Born in Belarussia, and later a resident of St. Petersburg, Odessa, Kovno and Riga, Simon Dubnow (1860-1941) published his first essay about the Jews of Russia in 1880, and understood at a relatively early age that the subject would always be of particular significance for him.
He wrote in his diary in 1892, “My life’s task has become clear to me: to spread historical science and work especially on the history of Russian Jews. I have become a missionary of history.”
By that time, he knew that his self-declared task was too big for one man. That is why, the previous year, he had galvanized the intellectual community with a broad public appeal for assistance in collecting and preserving source material related to the history of the Jews in Russia.
Written specifically for the Jewish Publication Society of America, Dubnow’s History of the Jews of Poland and Russia appeared in English translation in three volumes between 1916 and 1920. There have been numerous reprints throughout the century, the most recent being a re-issue by Ktav in 1975.
Avotaynu Inc., the New Jersey-based Jewish genealogical printing house that publishes this journal, has presented the latest incarnation of Dubnow’s classic in a large, single volume of 600 pages. Dr. Israel Friedlander’s original translation has been completely reset and enhanced with a more thorough index; without, however, any maps, illustrations or photographs to illuminate the text.
Dubnow’s masterful study opens with early Jewish settlements on the shores of the Black Sea, and continues methodically to the agitations, disabilities and pogroms that sparked the waves of mass exodus of the late 19th century. His special talent apparently lay in crafting a grand intellectual synthesis without neglecting the small, telling details, which he presents in their full colour. The flavour of original sources is evident on almost every page.
Reviewers have lauded Dubnow for his brilliant writing style, his clear language, his objective yet sympathetic approach to the Jewish people, his evenly-paced perspective, and his wide-ranging, sociological view of history: he does not favor economic, religious or any other aspect of history above another.
Some reviewers assert that the famous historian tended to “compartmentalize” the Jews of Russia, as if the rest of the world didn’t exist. However, this criticism seems to violate Dubnow’s own theory of Jewish history, for he had become convinced of the unity of the Jewish people, despite the seeming discontinuities of isolated regional populations.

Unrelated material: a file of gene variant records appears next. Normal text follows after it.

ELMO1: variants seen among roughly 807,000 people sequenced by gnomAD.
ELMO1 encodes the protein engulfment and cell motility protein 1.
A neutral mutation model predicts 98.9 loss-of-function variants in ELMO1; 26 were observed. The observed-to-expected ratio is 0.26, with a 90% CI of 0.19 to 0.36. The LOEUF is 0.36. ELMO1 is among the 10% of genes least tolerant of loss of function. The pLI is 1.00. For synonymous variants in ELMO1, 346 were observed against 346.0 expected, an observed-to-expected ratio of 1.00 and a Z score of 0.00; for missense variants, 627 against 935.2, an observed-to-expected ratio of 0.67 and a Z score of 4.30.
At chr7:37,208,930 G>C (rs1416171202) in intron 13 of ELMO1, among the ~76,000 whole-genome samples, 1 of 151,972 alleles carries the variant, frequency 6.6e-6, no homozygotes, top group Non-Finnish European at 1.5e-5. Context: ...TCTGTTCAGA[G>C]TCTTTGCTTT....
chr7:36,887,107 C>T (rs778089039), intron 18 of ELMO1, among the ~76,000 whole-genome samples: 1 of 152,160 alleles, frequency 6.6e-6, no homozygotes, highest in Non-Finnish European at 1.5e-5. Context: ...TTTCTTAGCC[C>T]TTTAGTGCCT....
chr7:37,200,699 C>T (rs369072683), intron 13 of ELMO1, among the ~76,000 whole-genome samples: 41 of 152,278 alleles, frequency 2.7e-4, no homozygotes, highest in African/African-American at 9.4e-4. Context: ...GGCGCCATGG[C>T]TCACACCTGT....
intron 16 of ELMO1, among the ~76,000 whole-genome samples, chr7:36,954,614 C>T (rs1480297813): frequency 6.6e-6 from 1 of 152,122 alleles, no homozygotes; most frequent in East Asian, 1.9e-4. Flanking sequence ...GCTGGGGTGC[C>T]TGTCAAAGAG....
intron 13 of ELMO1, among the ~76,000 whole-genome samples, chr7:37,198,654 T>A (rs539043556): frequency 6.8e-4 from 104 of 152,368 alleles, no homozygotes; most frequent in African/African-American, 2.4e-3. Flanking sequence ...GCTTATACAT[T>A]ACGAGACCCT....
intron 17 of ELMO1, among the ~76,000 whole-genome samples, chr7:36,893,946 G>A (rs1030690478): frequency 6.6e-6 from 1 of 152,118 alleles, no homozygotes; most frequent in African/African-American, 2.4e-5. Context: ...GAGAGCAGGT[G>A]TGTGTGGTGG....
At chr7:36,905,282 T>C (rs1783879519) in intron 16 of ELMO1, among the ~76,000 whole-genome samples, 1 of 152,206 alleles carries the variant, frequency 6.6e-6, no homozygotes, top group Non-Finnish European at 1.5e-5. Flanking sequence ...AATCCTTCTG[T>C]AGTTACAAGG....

By way of background, Dubnow believed that the diaspora “was not only a possibility but a necessity,” even as an historical inevitability. He once wrote: “A people small in number but great in quality, situated on the crossroads of the giant nations of Asia and Africa, could not preserve both its state and its nationality, and had perforce to break the barrel in order to preserve the wine — this was the great miracle of mankind.”
He differed from his predecessor, the great Jewish historian Heinrich Graetz (1817-1891), in positing that the core of Jewish existence was more than culture and religion; it was also the highly-developed communal structure that kept Jewish society flourishing wherever it was planted, Dubnow taught. Unlike the growing cadre of Zionists around him, Dubnow did not believe that a national territory was necessary to sustain Jewish life. However, this opinion was formed well in advance of the Nazi era.
It is particularly gratifying that Avotaynu has brought out this fresh edition, considering that the Nazis seemed bent on destroying Dubnow and everything he represented. Dubnow was murdered by a Gestapo henchman in Riga in 1941; according to the Encyclopedia Judaica, his killer had been a former student of his.
Afterwards, the Nazis went to great pains to destroy him conceptually as well. They burned the third volume of his autobiography in its entirety — every last copy, it seems, but one. It turned up in 1956, allowing a complete edition of the autobiography to roll off the press the following year.
The master work of a brilliant historian, History of the Jews in Poland and Russia provides an exemplary background for researchers desirous of learning the particular social, economic, religious and other historic factors that shaped the lives of our Ashkenazim ancestors, from their earliest origins until the era of the First Great War. ♦